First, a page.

Using UnitedHealth Group for Eating Disorder Treatment

UnitedHealth Group carries one of the most diversified portfolio in the health care industry and a renowned leader the world over in making the health care system work for most people and in helping them attain improved health and well-being.

The company serves its clients through the use of two platforms:

While UnitedHealthcare serves vital geographic locations and markets with a wide array of health benefits plans for both benefit sponsors and consumers, Optum concentrates on delivering an improved health care system for everyone. To learn more about the lines of products offered by UnitedHealth Group and how to become a member, call our helpline at .

Will UnitedHealth Group Cover Eating Disorder Treatment?

Yes, UnitedHealth Group handles eating disorder treatment through its UnitedHealthcare platform. This platform offers its members access to United Behavioral Health (UBH), which manages substance abuse and mental health problems. Although some organizations do not consider eating disorders to be part of the broader category of mental health problems, the mental health charity association named Mind does.

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United Behavioral Health offers a lot of experience in treating substance abuse and mental health disorders. It provides access to a huge network of health care providers with extensive experience and training in this field, such as the following:

To receive either inpatient or outpatient care, you need prior authorization from United Behavioral Health. If you need help connecting to this service, you can call our helpline at for information on whether your eating disorder treatment is covered by your UBH policy. We will give you access to a counselor who will link you to the nearest and most qualified medical provider who can address your eating disorder. This way, you get the help you need conveniently and quickly.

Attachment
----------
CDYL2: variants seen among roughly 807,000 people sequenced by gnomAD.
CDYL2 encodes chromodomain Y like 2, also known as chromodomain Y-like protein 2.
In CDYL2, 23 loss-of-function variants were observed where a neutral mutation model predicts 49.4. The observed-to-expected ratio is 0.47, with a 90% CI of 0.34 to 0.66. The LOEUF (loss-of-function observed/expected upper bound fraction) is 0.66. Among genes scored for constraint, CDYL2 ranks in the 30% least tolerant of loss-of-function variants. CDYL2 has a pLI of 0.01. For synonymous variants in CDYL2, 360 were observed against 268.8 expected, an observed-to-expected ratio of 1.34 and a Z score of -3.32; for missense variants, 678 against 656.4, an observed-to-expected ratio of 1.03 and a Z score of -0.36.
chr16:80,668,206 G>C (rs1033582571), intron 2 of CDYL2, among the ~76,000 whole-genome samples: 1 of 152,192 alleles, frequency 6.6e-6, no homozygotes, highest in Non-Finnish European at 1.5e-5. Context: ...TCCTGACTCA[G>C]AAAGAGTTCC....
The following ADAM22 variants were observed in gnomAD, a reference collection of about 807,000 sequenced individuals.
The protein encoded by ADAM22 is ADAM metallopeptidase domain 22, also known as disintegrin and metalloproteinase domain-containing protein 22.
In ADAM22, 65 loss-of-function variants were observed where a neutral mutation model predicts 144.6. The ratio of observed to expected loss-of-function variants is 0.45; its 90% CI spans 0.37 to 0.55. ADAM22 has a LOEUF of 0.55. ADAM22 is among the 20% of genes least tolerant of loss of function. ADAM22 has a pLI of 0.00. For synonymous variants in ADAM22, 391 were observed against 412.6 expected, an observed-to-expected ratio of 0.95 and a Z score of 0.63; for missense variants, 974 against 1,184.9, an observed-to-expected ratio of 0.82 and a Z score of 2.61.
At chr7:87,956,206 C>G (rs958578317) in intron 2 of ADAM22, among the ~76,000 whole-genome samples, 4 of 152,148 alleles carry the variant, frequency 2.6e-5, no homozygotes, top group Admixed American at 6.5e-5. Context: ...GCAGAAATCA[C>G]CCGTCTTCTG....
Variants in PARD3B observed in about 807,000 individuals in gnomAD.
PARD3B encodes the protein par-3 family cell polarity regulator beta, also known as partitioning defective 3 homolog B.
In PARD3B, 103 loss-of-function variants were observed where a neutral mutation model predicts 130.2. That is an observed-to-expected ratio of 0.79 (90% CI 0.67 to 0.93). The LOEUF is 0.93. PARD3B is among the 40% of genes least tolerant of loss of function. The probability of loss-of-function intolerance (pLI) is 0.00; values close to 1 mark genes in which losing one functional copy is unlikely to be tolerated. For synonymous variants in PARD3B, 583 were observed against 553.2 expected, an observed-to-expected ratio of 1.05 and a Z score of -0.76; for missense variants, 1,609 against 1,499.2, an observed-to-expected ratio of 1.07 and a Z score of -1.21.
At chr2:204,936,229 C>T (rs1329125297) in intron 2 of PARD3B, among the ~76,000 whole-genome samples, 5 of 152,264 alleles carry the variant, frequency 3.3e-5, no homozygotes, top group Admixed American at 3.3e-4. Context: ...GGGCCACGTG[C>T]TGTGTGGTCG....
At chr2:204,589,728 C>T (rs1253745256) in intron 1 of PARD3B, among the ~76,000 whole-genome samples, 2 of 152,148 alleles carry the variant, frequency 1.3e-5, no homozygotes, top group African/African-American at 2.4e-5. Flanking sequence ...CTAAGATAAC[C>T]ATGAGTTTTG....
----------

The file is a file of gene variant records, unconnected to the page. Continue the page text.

How Much Will Eating Disorder Treatment Cost?

The cost of an eating disorder treatment can be very high since care is typically provided on a weekly basis by a team of medical experts, such as a physician, psychiatrist and nutritionist. According to an article in The New York Times, inpatient treatment for an eating disorder can cost $30,000 per month on average, and patients could stay within a facility to receive continuous care for three or more months. After the patient leaves the facility, follow-up care is often necessary.

Only UnitedHealth Group eating disorder coverage can determine the actual cost of your treatment after you have been evaluated by a mental health counselor. Nonetheless, as a member of this network, you are assured that your needs will be taken care of by your benefits plans. Plus, you are given access to not only the company’s improved health care system and experienced medical providers, but also its available discounts.

If you find these things interesting and you are not a member of this health network yet, don’t hesitate to call our helpline at so we can guide you through the membership process.

Inpatient Eating Disorder Treatment vs. Outpatient Services